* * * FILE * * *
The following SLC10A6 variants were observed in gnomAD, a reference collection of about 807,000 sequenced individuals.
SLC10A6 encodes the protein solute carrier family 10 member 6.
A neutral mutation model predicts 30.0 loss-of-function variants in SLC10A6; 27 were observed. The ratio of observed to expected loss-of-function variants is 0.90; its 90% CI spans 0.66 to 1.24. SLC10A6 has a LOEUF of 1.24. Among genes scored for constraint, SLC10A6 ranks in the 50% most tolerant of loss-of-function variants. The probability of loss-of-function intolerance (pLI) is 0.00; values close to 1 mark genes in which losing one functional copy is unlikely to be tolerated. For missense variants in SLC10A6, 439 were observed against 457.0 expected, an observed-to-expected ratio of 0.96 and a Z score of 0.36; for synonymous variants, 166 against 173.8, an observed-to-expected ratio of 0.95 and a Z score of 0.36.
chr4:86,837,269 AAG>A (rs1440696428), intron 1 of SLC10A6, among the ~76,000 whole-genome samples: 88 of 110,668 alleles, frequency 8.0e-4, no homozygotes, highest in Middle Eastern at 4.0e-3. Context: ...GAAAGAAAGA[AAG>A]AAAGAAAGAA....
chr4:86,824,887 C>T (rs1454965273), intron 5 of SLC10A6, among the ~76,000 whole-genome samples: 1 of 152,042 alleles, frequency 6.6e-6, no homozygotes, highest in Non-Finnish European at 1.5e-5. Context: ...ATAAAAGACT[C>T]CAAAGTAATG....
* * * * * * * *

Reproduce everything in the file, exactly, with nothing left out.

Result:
The following SLC10A6 variants were observed in gnomAD, a reference collection of about 807,000 sequenced individuals.
SLC10A6 encodes the protein solute carrier family 10 member 6.
A neutral mutation model predicts 30.0 loss-of-function variants in SLC10A6; 27 were observed. The ratio of observed to expected loss-of-function variants is 0.90; its 90% CI spans 0.66 to 1.24. SLC10A6 has a LOEUF of 1.24. Among genes scored for constraint, SLC10A6 ranks in the 50% most tolerant of loss-of-function variants. The probability of loss-of-function intolerance (pLI) is 0.00; values close to 1 mark genes in which losing one functional copy is unlikely to be tolerated. For missense variants in SLC10A6, 439 were observed against 457.0 expected, an observed-to-expected ratio of 0.96 and a Z score of 0.36; for synonymous variants, 166 against 173.8, an observed-to-expected ratio of 0.95 and a Z score of 0.36.
chr4:86,837,269 AAG>A (rs1440696428), intron 1 of SLC10A6, among the ~76,000 whole-genome samples: 88 of 110,668 alleles, frequency 8.0e-4, no homozygotes, highest in Middle Eastern at 4.0e-3. Context: ...GAAAGAAAGA[AAG>A]AAAGAAAGAA....
chr4:86,824,887 C>T (rs1454965273), intron 5 of SLC10A6, among the ~76,000 whole-genome samples: 1 of 152,042 alleles, frequency 6.6e-6, no homozygotes, highest in Non-Finnish European at 1.5e-5. Context: ...ATAAAAGACT[C>T]CAAAGTAATG....